Gov. Tony Evers during his annual State of the State address Tuesday called for a special legislative session to overhaul the state’s unemployment system and a transparent process for drawing the state’s political maps.
Many of Evers’ proposals, including $200 million for broadband infrastructure, will be included in his upcoming state budget request. But they will test an already rocky relationship with the Republican-controlled Legislature as lawmakers seek to address the ongoing COVID-19 pandemic.
“Unfortunately, many of the challenges of 2020 will no doubt carry into this new year,” Evers said. “But as we reflect on these challenges — the magnitude of what this past year presented us, and the work we did together to prepare, adapt, and respond — let us also remember to grant ourselves grace, to permit ourselves perspective, to recognize our own resilience.”
During his two years in office the Democratic governor has called the Legislature into a variety of special sessions on his policy goals, but Republicans have brushed them aside. Evers provided few details on the latest special session, which seeks to address an issue that has dogged his administration since COVID-19 caused unemployment to skyrocket.
In another sign of the pandemic’s continued effect, Evers became the first governor in 74 years to not be physically present in the Capitol to deliver his address, which he gave by video.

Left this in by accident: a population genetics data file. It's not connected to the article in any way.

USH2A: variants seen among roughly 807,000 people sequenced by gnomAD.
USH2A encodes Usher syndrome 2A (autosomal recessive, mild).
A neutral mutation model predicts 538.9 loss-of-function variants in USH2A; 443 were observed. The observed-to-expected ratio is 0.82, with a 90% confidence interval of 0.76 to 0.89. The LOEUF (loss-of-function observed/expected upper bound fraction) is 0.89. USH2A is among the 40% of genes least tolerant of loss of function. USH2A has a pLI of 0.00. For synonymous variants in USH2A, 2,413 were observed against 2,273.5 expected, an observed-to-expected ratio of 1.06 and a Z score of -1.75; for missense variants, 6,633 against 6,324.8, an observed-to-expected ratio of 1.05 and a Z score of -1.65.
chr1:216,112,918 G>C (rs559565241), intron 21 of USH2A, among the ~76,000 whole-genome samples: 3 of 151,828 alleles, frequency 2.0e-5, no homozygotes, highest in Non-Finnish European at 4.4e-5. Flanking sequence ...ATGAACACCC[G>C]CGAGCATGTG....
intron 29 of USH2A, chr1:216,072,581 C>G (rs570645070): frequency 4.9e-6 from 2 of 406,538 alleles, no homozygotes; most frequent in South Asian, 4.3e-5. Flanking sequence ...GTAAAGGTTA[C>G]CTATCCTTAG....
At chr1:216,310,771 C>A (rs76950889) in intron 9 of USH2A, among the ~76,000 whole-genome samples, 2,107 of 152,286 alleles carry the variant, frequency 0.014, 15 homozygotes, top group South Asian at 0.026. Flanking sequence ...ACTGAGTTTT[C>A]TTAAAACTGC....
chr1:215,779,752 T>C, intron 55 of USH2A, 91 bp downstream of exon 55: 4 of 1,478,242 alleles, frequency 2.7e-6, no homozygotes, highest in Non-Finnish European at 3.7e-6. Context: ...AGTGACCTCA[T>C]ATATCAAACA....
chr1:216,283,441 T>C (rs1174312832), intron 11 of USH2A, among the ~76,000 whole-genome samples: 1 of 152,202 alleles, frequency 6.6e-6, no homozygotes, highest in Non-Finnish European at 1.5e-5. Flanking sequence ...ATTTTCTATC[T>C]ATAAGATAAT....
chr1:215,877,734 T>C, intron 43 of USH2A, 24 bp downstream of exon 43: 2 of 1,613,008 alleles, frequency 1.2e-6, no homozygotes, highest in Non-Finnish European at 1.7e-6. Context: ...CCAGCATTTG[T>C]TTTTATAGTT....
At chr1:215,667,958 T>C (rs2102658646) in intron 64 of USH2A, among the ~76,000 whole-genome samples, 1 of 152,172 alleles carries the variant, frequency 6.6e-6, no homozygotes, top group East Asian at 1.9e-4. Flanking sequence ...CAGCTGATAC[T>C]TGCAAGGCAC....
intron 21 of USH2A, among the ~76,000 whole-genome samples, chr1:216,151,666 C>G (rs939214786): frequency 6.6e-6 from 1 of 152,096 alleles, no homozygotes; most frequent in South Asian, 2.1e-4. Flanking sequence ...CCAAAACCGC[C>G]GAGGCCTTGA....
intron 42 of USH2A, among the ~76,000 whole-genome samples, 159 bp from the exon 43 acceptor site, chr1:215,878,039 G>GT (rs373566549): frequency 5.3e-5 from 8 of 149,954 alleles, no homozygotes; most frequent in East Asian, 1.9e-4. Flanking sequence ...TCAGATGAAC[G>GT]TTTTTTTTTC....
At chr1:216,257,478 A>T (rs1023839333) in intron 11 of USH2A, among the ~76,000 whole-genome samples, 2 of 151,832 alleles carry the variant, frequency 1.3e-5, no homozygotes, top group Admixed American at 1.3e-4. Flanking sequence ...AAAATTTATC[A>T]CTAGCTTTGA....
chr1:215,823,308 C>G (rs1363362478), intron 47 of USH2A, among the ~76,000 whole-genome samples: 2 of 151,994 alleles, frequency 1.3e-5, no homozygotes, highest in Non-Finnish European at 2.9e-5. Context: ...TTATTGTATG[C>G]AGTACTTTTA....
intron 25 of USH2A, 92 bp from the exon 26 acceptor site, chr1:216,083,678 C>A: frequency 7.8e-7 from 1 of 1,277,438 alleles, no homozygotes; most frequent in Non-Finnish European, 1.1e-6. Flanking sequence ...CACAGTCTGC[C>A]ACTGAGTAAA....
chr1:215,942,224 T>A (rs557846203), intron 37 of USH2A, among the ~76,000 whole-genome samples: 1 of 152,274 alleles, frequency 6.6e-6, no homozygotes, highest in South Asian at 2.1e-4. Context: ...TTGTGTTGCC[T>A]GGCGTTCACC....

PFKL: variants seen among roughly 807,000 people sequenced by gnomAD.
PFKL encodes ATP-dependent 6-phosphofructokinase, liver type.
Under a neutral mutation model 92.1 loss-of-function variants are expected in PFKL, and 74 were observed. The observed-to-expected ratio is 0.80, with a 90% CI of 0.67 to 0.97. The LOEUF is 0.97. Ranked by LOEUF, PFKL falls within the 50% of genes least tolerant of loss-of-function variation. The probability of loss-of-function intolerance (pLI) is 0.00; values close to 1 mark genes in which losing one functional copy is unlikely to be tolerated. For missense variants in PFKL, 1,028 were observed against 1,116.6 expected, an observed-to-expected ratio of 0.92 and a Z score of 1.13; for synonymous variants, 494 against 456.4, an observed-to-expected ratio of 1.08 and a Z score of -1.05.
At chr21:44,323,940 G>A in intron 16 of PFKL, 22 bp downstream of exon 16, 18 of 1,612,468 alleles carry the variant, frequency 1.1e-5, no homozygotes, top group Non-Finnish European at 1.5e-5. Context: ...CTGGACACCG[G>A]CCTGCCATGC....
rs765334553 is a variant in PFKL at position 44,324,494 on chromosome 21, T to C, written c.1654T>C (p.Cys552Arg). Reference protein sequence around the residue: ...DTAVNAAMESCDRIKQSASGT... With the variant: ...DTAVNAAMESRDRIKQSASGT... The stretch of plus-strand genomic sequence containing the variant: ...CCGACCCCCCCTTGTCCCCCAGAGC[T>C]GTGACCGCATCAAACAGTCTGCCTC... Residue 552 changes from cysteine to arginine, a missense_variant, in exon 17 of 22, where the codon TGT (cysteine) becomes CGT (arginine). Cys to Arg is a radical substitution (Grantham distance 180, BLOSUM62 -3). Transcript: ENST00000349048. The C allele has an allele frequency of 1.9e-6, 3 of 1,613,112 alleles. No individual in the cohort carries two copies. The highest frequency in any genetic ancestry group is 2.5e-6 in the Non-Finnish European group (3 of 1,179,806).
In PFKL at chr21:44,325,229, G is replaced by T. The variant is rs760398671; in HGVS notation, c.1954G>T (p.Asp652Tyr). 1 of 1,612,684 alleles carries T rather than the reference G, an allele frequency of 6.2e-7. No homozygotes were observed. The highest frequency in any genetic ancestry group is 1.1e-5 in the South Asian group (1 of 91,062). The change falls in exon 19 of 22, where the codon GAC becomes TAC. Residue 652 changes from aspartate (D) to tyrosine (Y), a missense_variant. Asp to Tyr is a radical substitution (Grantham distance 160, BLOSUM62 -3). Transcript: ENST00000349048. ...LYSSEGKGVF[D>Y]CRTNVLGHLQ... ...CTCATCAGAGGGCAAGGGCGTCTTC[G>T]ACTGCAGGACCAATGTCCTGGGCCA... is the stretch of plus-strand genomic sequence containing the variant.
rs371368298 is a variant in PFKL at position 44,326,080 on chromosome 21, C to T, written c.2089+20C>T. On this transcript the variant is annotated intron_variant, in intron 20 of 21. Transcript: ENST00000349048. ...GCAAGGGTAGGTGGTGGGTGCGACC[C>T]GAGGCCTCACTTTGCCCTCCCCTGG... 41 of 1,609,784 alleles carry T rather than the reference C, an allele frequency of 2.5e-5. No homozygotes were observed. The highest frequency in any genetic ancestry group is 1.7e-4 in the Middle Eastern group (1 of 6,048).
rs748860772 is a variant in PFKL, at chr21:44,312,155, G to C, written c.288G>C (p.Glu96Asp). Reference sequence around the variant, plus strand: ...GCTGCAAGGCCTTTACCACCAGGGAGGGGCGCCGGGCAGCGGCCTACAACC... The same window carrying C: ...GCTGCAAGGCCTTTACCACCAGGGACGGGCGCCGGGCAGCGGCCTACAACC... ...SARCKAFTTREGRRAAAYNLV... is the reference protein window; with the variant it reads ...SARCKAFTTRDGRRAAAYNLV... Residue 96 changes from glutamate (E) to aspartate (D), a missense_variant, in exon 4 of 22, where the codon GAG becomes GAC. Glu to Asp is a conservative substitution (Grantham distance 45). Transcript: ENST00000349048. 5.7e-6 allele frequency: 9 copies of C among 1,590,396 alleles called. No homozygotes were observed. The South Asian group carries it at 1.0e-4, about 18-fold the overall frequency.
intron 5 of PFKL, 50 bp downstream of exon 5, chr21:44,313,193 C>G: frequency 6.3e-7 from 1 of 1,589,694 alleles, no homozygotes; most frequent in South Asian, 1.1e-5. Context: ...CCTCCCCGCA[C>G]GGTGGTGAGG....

And in another major break from tradition, Assembly Speaker Robin Vos, R-Rochester, delivered the GOP response immediately after Evers’ address from the Assembly dais where the governor traditionally gives the speech — with GOP members in attendance applauding as they would if a Republican governor were delivering the annual address.
Then, with Democratic members not in attendance, Assembly Republicans passed a resolution honoring Vos as the longest-serving Assembly speaker in state history.
Senate Republicans watched Evers’ address from the Senate chambers, but Majority Leader Devin LeMahieu, R-Oostburg, did not speak after the address.
Evers’ policy goals
Evers previewed what are likely to be some of his signature policy goals this legislative session, although he won’t announce more until his budget address next month.
Dedicating his speech to the 5,000 lives lost in Wisconsin due to COVID-19, Evers remarked upon the difficulty of the previous year, including civil unrest sparked by the police shooting of a Black man in Kenosha. But he also highlighted Wisconsinites’ perseverance.
“This past year asked a lot of us, and we’ve asked a lot of one another,” Evers said. “But when we did, we found that the strength of our state is in what we are willing to face together — what we are willing to do for each other, especially when our neighbors need us the most.”